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    @Randal'Thor For a Canadian perspective, I didn't even realize that there were two spellings until I was much older than I would care to admit. I always just thought there as a weird pronunciation tick when some people called it "aluminium". That "i" doesn't really stand out to me. When I see either word I immediately just think of the element regardless.
    – JMac
    Commented Jan 22, 2019 at 17:26
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    99% of your readers won't notice one way or anohter Commented Jan 22, 2019 at 17:42
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    Despite the standard existing, isn't Aluminum the one that came first, and first coined after criticism of a previous version and in not in the US? Thus IUPAC claiming Aluminium being the "more right" one is just pointless gate-keeping?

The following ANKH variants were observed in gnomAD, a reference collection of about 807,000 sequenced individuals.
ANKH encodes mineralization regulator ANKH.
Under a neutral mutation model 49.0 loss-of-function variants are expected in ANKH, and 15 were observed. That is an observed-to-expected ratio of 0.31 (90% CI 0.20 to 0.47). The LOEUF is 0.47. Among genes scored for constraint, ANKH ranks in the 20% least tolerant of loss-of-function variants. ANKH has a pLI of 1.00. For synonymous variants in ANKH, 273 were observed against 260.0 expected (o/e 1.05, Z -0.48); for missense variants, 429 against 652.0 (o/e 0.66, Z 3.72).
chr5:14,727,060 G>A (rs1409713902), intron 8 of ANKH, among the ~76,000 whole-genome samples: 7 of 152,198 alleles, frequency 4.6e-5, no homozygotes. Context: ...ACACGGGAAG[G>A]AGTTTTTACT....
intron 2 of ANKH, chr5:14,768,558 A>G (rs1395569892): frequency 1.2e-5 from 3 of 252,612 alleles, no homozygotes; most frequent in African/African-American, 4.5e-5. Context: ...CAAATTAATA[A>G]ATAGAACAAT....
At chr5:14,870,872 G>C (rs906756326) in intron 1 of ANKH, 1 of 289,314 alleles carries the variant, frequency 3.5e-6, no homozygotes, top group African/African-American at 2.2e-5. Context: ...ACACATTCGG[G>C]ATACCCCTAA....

– Krupip
    Commented Jan 22, 2019 at 21:09
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    @Trish: I got very confused - Sulphur is what we use... Then I looked it up and found that much like aluminium it is spelt differently in different places! :)
    – Chris
    Commented Jan 23, 2019 at 14:22

8 Answers 8


(Academic Copyeditor here)

I see no problems; you have a good justification. If this is your text (your blog, a self-published book), you're done, though you might want to add a footnote etc. to explain why you're using that spelling.

If someone else will publish the text, you should talk to your editor AND make a note in the text. Talk to the editor because they may or may not have liberty with house style, and if it's a multi-author volume or a journal, they will want to keep things consistent. Make a note because the copyeditor may or may not notice that this is deliberate, and may or may not change it – once you flag it as deliberate, they're likely to leave it alone, respectively you can change it back if you have the editor's backing.